In this case, two expedients have presented themselves for the clearing away of the interest:—1. One is, the putting the witness in possession of the expected good, the legacy. In this case, he has no longer anything to gain by the confirmation of the will: and is in consequence reputed clear from the action of any sinister interest. 2. Another is the engaging him to give up his right to receive the expected good, the legacy. In this case, he has no longer any assistance to hope for from the law towards the obtainment of the expected good, the legacy:—and in this case also, is in consequence reputed clear from the action of any sinister interest. In this case, the provision of the law would be but incomplete, nor would it extend to all the cases which the expedient was intended to embrace, if the extirpation of the interest depended upon the acceptance of the offer made by the witness to get rid of it. The mere offer has accordingly been deemed sufficient, whether accepted or not accepted:—care being taken to enact, that after an offer to this effect, whether the offer be accepted or not accepted, his right to compel the payment of the money or money’s worth shall be equally at an end.
If, however, it be really supposed, that by any such mechanical process the mind of man can really be cleared of interest, or that the security for truth, for the absence of incorrectness and mendacity, is after the performance of any such ceremony in any considerable degree greater than before, the supposition will upon examination be found delusive. Against simple incorrectness it will be found of little or no use. Against mendacity—against wilful perjury,—it will be found of no use at all.
Mendacity—wilful perjury—out of the question, any departure from the line of perfect correctness, of absolute truth, can have no other cause than that of bias. Whatever deviation from that line may take place in his testimony, the witness himself is not sensible of any such deviation: if he be, so far as he is, so far is his testimony mendacious, and himself a perjurer. In this case, whatever may have been the state of his mental faculties in relation to the facts in question,—his perception—his judgment—his memory, before the operation, it does not seem natural, that by the operation any very determinate or natural alteration should be produced.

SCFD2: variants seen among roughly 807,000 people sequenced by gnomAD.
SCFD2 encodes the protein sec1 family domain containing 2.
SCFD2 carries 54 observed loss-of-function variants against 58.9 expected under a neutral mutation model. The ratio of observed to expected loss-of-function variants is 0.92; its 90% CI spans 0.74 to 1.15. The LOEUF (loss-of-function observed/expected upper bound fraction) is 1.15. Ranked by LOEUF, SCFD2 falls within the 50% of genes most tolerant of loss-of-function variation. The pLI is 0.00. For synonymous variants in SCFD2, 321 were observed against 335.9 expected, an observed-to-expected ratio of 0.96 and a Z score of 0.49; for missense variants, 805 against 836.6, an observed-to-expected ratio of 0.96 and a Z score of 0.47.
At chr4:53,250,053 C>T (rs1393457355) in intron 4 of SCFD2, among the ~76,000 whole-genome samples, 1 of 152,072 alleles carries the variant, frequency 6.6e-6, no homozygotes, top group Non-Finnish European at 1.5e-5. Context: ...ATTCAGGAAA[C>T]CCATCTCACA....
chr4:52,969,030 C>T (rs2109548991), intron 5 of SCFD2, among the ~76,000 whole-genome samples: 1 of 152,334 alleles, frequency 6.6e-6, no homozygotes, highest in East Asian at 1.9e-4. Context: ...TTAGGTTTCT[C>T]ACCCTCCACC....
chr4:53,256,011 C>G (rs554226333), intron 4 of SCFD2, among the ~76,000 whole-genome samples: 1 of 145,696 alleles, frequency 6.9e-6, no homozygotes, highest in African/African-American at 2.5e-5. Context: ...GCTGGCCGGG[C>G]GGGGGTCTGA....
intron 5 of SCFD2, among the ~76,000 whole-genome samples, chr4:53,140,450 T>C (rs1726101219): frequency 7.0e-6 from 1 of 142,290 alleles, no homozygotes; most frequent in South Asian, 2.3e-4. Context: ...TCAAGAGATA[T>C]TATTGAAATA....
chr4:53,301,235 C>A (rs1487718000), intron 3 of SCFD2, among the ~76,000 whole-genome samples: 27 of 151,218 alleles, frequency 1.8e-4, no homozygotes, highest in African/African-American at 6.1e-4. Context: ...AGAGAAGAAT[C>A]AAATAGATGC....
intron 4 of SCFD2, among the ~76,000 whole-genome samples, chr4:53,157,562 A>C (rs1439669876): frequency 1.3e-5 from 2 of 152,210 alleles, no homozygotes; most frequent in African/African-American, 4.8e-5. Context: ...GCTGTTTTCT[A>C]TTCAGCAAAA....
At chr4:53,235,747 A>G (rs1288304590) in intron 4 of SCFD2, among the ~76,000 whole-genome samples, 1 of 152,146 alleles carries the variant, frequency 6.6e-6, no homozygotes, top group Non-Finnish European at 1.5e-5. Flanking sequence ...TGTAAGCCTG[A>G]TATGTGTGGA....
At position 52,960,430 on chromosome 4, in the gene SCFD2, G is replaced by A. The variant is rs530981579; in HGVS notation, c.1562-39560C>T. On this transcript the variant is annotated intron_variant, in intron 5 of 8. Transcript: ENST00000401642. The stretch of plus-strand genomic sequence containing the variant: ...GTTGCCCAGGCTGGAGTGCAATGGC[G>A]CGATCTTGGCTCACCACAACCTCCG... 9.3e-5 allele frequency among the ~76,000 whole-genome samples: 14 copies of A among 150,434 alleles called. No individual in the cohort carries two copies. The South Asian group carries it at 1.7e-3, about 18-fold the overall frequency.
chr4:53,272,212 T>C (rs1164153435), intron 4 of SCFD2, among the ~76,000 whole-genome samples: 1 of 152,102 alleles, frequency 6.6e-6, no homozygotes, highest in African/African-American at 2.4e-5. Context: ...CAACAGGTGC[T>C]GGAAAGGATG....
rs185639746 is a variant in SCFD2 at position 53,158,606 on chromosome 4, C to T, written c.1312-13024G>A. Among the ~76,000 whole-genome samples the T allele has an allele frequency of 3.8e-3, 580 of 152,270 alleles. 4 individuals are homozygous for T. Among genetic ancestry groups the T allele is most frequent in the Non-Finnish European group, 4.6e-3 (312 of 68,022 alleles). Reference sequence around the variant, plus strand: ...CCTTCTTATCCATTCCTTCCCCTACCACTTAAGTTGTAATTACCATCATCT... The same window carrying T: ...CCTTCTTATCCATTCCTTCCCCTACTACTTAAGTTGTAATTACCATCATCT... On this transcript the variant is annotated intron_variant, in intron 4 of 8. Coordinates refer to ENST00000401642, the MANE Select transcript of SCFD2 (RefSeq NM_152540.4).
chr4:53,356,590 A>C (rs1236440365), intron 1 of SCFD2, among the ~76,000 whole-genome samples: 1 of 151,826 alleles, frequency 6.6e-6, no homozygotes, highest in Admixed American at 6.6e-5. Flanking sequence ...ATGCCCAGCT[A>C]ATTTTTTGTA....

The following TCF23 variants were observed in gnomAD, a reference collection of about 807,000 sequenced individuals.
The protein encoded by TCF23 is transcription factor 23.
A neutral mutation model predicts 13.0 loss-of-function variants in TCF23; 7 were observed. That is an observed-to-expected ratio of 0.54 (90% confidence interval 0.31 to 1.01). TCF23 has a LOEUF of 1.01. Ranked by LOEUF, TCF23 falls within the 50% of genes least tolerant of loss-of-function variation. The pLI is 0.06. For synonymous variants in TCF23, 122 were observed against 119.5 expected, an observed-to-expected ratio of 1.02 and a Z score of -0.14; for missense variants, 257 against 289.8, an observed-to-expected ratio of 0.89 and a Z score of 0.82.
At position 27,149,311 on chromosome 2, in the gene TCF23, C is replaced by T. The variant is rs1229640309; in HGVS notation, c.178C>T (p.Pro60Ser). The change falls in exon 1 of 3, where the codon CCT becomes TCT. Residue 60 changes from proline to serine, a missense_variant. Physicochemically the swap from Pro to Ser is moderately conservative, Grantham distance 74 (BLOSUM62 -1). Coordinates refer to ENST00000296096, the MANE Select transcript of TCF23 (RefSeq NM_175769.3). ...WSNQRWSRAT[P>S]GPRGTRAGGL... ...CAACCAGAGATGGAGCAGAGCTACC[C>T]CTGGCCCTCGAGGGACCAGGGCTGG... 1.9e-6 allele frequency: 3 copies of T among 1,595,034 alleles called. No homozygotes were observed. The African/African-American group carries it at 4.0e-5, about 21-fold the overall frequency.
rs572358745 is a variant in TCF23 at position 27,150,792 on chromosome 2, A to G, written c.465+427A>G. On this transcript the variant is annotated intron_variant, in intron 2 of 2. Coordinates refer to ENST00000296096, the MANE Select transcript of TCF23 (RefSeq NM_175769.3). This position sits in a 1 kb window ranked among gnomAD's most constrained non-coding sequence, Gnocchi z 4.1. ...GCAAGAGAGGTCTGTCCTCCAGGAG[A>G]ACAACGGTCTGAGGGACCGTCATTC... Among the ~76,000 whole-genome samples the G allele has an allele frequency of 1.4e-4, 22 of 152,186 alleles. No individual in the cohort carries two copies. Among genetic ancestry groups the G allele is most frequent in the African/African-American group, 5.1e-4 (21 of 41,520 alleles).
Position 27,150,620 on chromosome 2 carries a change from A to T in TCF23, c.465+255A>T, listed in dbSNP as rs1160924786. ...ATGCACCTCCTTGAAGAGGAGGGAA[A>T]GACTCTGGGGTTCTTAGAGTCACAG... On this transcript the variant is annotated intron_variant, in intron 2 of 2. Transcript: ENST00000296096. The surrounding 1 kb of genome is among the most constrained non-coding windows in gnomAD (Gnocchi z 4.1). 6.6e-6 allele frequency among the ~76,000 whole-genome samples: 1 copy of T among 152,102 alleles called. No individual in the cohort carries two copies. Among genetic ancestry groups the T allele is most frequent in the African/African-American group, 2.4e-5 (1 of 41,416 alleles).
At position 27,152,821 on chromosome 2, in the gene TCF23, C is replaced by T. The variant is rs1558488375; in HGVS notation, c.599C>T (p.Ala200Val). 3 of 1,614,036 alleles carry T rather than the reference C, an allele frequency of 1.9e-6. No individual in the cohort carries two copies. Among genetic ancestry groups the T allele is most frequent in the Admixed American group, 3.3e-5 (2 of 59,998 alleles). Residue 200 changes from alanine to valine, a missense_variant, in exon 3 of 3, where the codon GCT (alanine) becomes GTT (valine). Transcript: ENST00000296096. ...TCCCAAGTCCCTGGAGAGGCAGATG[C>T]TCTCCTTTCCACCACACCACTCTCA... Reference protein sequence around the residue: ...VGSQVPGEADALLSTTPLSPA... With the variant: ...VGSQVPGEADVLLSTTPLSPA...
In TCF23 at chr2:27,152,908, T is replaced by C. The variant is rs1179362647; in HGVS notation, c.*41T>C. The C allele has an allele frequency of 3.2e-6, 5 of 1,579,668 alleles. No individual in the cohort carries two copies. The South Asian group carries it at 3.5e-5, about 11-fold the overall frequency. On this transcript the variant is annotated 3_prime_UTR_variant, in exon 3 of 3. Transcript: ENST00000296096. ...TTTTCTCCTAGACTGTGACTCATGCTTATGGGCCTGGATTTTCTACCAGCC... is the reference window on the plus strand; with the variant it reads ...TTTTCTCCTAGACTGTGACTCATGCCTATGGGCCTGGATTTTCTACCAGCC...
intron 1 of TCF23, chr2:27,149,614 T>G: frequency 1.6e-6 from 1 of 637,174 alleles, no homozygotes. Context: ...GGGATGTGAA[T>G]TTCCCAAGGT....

But, suppose the bias previously existing and in action, and suppose the legal process to have cleared away this sinister interest, this cause of aberration, from the line of truth,—there remains another, which it is not in the nature of it to clear away, and of which the action will naturally be more powerful than that of the bias itself. This is his regard for his own character,—for his own reputation in respect of veracity,—his sensibility to the pains of the moral sanction. Before the time and occasion for the performance of this legal ceremony can have taken place, he will almost always have given his statement of the affair:—it is from this statement alone that in general the party who has an interest in the restoration of the testimony can obtain that information from which his inducement to put in practice the expedient for the clearing away the objection was derived. But having once given his account of the matter, the witness is concerned, in point of reputation, to abide by it: were he to depart from it in any considerable degree, what he has to lose by such departure is so much of his reputation as is at stake: what he has to gain by such departure is nothing at all. But as it is with mechanical, so is it with human action: to command it, any the least particle of force is sufficient, so long as there is nothing to oppose it on the other side.